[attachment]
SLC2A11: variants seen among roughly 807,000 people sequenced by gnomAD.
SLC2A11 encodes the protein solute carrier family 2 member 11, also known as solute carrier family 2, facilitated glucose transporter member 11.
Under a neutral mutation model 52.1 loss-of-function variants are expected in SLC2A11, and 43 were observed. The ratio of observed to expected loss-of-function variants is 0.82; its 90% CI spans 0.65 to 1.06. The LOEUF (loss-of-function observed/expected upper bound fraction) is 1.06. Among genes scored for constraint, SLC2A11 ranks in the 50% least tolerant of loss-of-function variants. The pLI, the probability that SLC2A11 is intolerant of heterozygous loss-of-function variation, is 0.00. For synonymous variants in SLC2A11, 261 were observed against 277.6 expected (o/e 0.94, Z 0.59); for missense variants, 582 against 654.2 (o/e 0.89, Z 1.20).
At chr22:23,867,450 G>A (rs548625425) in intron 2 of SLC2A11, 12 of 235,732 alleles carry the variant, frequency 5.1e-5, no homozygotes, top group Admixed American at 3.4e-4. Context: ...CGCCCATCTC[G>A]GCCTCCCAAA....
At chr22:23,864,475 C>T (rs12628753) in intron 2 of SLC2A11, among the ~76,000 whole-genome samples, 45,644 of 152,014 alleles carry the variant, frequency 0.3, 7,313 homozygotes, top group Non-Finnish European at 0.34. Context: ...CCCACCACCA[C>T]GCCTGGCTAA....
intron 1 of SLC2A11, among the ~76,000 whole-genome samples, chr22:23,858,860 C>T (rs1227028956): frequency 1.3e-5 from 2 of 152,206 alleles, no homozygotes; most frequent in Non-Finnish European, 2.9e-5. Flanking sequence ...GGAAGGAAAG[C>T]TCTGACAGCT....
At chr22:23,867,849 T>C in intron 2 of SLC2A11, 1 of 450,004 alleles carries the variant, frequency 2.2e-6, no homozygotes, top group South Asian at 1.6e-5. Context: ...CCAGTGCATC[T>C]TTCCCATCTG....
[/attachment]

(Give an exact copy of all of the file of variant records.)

SLC2A11: variants seen among roughly 807,000 people sequenced by gnomAD.
SLC2A11 encodes the protein solute carrier family 2 member 11, also known as solute carrier family 2, facilitated glucose transporter member 11.
Under a neutral mutation model 52.1 loss-of-function variants are expected in SLC2A11, and 43 were observed. The ratio of observed to expected loss-of-function variants is 0.82; its 90% CI spans 0.65 to 1.06. The LOEUF (loss-of-function observed/expected upper bound fraction) is 1.06. Among genes scored for constraint, SLC2A11 ranks in the 50% least tolerant of loss-of-function variants. The pLI, the probability that SLC2A11 is intolerant of heterozygous loss-of-function variation, is 0.00. For synonymous variants in SLC2A11, 261 were observed against 277.6 expected (o/e 0.94, Z 0.59); for missense variants, 582 against 654.2 (o/e 0.89, Z 1.20).
At chr22:23,867,450 G>A (rs548625425) in intron 2 of SLC2A11, 12 of 235,732 alleles carry the variant, frequency 5.1e-5, no homozygotes, top group Admixed American at 3.4e-4. Context: ...CGCCCATCTC[G>A]GCCTCCCAAA....
At chr22:23,864,475 C>T (rs12628753) in intron 2 of SLC2A11, among the ~76,000 whole-genome samples, 45,644 of 152,014 alleles carry the variant, frequency 0.3, 7,313 homozygotes, top group Non-Finnish European at 0.34. Context: ...CCCACCACCA[C>T]GCCTGGCTAA....
intron 1 of SLC2A11, among the ~76,000 whole-genome samples, chr22:23,858,860 C>T (rs1227028956): frequency 1.3e-5 from 2 of 152,206 alleles, no homozygotes; most frequent in Non-Finnish European, 2.9e-5. Flanking sequence ...GGAAGGAAAG[C>T]TCTGACAGCT....
At chr22:23,867,849 T>C in intron 2 of SLC2A11, 1 of 450,004 alleles carries the variant, frequency 2.2e-6, no homozygotes, top group South Asian at 1.6e-5. Context: ...CCAGTGCATC[T>C]TTCCCATCTG....